Longlisted for the Booker Prize in 2008. Mohammed Hanif’s dark political satire about love, betrayal, tyranny, family - and a lethal conspiracy trying its damnedest to happen.

Ali Shigri is on a mission to avenge his father’s suspicious death, which the government is calling a suicide. Ali’s target is none other than General Zia ul-Haq, dictator of Pakistan. Enlisting a rag-tag group of conspirators, including his cologne-soaked roommate, a hash-smoking American and a mango-besotted crow, Ali sets his elaborate plan in motion. There’s only one problem: the line of would-be Zia assassins is longer than he could have possibly known.

The Man Booker Prize 2008
Published by
Jonathan Cape
Mohammed Hanif

Mohammed Hanif

About the Author

Mohammed Hanif is a Booker Prize rarity: he graduated as a pilot officer from the Pakistan Airforce Academy before abandoning a life in the skies for one in journalism and fiction.
More about Mohammed Hanif

Censorship and the Urdu edition of A Case of Exploding Mangoes

In October 2019, 11 years after it was longlisted for the Booker Prize, Mohammed Hanif’s novel A Case of Exploding Mangoes was translated into Urdu and released in Pakistan.

The political satire is a fictionalised account of the events leading up to and immediately following the mysterious plane crash that killed Pakistan’s military director, General Zia-ul-Haq, in 1988. The novel depicts the General as paranoid and manipulative, and his military forces as politically corrupt and violent. 

Zia had seized power in a coup in 1977 and became Pakistan’s longest-serving de facto head of state. A divisive figure, he was credited with preventing the Soviet Union from invading Pakistan, but blamed for creating conditions for religious intolerance. There were several theories as to what had caused Zia’s plane to crash, from mechanical failure to sabotage. According to one conspiracy theory, a crate of mangoes on board the aircraft contained a canister of nerve gas which exploded mid-flight, killing the pilots. This and other theories are explored in Hanif’s novel. In Robert Macfarlane’s review of the book in the New York Times in 2008, he said that ‘Zia’s fate is one of Pakistan’s two great political mysteries, the other being the assassination of Benazir Bhutto’.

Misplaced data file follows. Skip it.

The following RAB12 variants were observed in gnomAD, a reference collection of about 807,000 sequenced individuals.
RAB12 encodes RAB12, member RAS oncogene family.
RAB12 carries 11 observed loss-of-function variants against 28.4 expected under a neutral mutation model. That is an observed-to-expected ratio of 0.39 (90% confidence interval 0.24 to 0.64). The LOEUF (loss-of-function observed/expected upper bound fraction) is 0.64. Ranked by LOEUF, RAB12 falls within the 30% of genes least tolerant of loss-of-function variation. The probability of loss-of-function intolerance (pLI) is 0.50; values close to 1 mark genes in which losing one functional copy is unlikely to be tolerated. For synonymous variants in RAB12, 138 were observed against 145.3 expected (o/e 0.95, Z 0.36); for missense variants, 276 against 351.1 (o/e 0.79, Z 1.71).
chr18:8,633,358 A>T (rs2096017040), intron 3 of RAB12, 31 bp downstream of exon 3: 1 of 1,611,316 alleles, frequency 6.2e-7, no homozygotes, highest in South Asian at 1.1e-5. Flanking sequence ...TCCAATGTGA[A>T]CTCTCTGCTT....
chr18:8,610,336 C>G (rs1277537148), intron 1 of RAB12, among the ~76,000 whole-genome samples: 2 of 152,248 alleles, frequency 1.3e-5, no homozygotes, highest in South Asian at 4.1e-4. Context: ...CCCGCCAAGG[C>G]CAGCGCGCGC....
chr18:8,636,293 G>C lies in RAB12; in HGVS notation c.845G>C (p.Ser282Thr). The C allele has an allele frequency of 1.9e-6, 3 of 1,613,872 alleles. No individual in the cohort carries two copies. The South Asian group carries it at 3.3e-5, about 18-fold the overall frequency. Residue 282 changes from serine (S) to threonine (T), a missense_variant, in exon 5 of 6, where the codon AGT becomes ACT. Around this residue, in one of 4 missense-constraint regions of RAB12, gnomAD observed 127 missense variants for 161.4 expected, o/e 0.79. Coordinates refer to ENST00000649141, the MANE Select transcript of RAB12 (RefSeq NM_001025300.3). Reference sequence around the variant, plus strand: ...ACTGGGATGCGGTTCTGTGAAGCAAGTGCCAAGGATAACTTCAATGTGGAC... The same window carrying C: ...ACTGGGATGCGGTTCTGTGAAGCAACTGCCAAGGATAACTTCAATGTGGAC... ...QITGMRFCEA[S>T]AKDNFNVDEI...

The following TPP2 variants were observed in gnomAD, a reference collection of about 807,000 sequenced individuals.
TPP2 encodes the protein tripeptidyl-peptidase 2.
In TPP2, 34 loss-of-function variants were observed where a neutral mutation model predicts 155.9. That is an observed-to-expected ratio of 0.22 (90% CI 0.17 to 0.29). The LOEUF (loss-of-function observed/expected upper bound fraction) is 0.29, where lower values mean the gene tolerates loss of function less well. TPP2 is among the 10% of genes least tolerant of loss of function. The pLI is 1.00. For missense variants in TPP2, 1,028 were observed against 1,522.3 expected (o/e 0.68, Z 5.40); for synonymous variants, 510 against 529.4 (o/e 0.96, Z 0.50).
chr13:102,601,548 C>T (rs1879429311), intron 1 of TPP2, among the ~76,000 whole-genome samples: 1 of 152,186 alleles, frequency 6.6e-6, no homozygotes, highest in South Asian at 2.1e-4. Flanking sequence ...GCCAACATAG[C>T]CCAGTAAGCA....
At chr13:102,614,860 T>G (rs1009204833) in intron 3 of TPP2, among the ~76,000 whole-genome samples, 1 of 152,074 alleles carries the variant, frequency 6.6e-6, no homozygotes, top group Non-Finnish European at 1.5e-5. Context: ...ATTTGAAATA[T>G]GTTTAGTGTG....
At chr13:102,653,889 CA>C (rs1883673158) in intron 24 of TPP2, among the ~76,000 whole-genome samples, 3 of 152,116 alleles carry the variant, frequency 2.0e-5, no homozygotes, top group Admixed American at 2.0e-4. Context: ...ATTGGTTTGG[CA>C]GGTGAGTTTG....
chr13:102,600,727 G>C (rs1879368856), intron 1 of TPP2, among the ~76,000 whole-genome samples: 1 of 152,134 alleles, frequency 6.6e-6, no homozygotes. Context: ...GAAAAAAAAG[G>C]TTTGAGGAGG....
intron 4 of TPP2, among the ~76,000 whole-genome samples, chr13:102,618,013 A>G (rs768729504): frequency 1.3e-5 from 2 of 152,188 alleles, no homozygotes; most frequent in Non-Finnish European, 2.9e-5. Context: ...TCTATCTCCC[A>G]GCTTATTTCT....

In January 2021, Hanif reported that agents purporting to be members of the country’s Inter-Services Intelligence had raided the offices of the novel’s publisher in Karachi and seized every copy of the book. He then said they returned days later, taking with them names and addresses of bookshops and distributors of A Case of Exploding Mangoes. He claimed that copies of the book had been removed from shops across the country.

Hanif also alleged that prior to the raid, members of his family had sent a defamation note to his publisher complaining about the content of the novel and its portrayal of the General. 

An ISI official dismissed the claims Hanif made, and told the Associated Press it was a ‘cheap attempt to gain popularity by hurling false accusations on a national institution’ and said they were not aware of any such raid being carried out by the ISI.

The act was condemned by Amnesty International who said it was ‘an alarming sign that freedom of expression continues to be under attack in Pakistan’.

General Muhammad Zia-ul-Haq with a soldier, Pakistan, 1977

NDTV Profit: In conversation with Mohammed Hanif